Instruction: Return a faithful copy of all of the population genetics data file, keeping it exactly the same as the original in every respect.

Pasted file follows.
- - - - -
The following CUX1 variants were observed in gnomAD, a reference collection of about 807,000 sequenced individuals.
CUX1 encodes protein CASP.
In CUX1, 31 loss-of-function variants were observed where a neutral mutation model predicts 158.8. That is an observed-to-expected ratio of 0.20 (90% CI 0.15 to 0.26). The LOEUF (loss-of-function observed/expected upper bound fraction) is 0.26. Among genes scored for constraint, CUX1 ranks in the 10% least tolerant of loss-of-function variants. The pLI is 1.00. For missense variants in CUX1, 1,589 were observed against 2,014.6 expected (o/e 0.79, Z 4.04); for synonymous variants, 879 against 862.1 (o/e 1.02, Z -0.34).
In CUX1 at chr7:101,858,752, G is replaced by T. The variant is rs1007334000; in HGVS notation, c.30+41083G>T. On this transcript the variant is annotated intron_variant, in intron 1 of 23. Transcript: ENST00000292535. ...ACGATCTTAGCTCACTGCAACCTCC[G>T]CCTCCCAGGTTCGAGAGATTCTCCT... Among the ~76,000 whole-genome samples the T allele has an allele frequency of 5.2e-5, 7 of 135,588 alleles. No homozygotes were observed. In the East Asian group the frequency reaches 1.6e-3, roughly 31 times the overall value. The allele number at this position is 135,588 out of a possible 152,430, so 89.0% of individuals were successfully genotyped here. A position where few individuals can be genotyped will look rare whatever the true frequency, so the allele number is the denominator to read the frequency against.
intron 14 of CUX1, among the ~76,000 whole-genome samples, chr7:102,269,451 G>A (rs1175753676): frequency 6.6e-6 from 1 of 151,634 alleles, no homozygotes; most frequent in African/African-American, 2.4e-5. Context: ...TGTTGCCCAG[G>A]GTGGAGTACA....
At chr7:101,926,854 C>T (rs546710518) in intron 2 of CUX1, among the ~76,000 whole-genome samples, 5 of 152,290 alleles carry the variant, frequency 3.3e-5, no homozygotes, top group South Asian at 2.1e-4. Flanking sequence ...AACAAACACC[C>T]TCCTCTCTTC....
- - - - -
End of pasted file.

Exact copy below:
The following CUX1 variants were observed in gnomAD, a reference collection of about 807,000 sequenced individuals.
CUX1 encodes protein CASP.
In CUX1, 31 loss-of-function variants were observed where a neutral mutation model predicts 158.8. That is an observed-to-expected ratio of 0.20 (90% CI 0.15 to 0.26). The LOEUF (loss-of-function observed/expected upper bound fraction) is 0.26. Among genes scored for constraint, CUX1 ranks in the 10% least tolerant of loss-of-function variants. The pLI is 1.00. For missense variants in CUX1, 1,589 were observed against 2,014.6 expected (o/e 0.79, Z 4.04); for synonymous variants, 879 against 862.1 (o/e 1.02, Z -0.34).
In CUX1 at chr7:101,858,752, G is replaced by T. The variant is rs1007334000; in HGVS notation, c.30+41083G>T. On this transcript the variant is annotated intron_variant, in intron 1 of 23. Transcript: ENST00000292535. ...ACGATCTTAGCTCACTGCAACCTCC[G>T]CCTCCCAGGTTCGAGAGATTCTCCT... Among the ~76,000 whole-genome samples the T allele has an allele frequency of 5.2e-5, 7 of 135,588 alleles. No homozygotes were observed. In the East Asian group the frequency reaches 1.6e-3, roughly 31 times the overall value. The allele number at this position is 135,588 out of a possible 152,430, so 89.0% of individuals were successfully genotyped here. A position where few individuals can be genotyped will look rare whatever the true frequency, so the allele number is the denominator to read the frequency against.
intron 14 of CUX1, among the ~76,000 whole-genome samples, chr7:102,269,451 G>A (rs1175753676): frequency 6.6e-6 from 1 of 151,634 alleles, no homozygotes; most frequent in African/African-American, 2.4e-5. Context: ...TGTTGCCCAG[G>A]GTGGAGTACA....
At chr7:101,926,854 C>T (rs546710518) in intron 2 of CUX1, among the ~76,000 whole-genome samples, 5 of 152,290 alleles carry the variant, frequency 3.3e-5, no homozygotes, top group South Asian at 2.1e-4. Flanking sequence ...AACAAACACC[C>T]TCCTCTCTTC....